Jan 7, 2013
Ustedes no se dan una idea de la cantinela permanente que se escucha por acá en contra de los transgénicos y a favor de lo “orgánico”. Uno de los mayores pecadores a nivel mundial en ese sentido es Argentina.
Para mí se trata de la demostración más contundente de que la izquierda actual se ha convertido en poco más que una reacción a todo lo que tenga que ver con la modernidad y que los colectivistas aman entrañablemente a la humanidad - así, en abstracto - pero sienten una profunda y sincera repulsión por las personas de carne y hueso.
Baidewei, fíjense quién lo dice:
So where does this opposition come from? There seems to be a widespread assumption that modern technology equals more risk. Actually there are many very natural and organic ways to face illness and early death, as the debacle with Germany’s organic beansprouts proved in 2011. This was a public health catastrophe, with the same number of deaths and injuries as were caused by Chernobyl, because E.-coli probably from animal manure infected organic beansprout seeds imported from Egypt.
In total 53 people died and 3,500 suffered serious kidney failure. And why were these consumers choosing organic? Because they thought it was safer and healthier, and they were more scared of entirely trivial risks from highly-regulated chemical pesticides and fertilisers.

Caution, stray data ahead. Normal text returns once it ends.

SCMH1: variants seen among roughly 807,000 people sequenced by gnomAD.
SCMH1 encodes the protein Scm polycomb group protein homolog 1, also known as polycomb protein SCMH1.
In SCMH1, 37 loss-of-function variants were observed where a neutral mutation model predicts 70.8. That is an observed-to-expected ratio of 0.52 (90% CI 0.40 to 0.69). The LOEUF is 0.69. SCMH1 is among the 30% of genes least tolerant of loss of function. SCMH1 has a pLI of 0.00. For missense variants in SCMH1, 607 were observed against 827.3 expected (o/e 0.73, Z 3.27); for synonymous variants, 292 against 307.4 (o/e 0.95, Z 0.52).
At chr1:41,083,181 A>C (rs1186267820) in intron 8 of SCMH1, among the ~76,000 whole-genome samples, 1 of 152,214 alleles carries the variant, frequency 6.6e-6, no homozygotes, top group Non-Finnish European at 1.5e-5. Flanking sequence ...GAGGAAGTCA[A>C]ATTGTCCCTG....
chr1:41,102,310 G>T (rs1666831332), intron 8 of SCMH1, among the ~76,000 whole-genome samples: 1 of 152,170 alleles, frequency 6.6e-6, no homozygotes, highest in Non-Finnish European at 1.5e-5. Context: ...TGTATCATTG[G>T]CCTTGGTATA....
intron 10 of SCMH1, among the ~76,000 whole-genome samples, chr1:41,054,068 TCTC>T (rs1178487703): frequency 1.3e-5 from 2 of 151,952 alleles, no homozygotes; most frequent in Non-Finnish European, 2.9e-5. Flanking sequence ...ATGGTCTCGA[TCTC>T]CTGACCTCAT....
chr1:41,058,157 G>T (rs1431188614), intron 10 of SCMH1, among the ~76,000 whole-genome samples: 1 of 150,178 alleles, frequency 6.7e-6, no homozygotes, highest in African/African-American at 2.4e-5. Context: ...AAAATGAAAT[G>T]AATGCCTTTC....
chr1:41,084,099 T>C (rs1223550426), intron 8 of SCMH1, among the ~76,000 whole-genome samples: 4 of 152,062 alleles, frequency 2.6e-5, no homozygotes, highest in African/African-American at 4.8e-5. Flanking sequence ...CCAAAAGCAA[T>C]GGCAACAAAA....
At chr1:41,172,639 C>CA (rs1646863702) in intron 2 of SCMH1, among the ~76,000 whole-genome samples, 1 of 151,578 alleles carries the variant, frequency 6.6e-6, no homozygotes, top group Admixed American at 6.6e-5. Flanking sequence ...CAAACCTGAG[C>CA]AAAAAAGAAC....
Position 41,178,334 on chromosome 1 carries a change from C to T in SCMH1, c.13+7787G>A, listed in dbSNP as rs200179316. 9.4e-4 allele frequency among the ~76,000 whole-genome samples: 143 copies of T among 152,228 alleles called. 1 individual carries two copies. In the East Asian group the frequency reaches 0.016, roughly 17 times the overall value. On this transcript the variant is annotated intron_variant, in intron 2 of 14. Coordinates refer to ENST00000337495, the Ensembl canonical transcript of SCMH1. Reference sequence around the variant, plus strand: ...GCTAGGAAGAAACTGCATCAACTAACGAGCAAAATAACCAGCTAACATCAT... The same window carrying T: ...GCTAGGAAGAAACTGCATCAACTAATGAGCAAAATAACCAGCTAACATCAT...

If you look at the situation without prejudice, much of the debate, both in terms of anti-biotech and organic, is simply based on the naturalistic fallacy – the belief that natural is good, and artificial is bad. This is a fallacy because there are plenty of entirely natural poisons and ways to die, as the relatives of those who died from E.-coli poisoning would tell you.
For organic, the naturalistic fallacy is elevated into the central guiding principle for an entire movement. This is irrational and we owe it to the Earth and to our children to do better.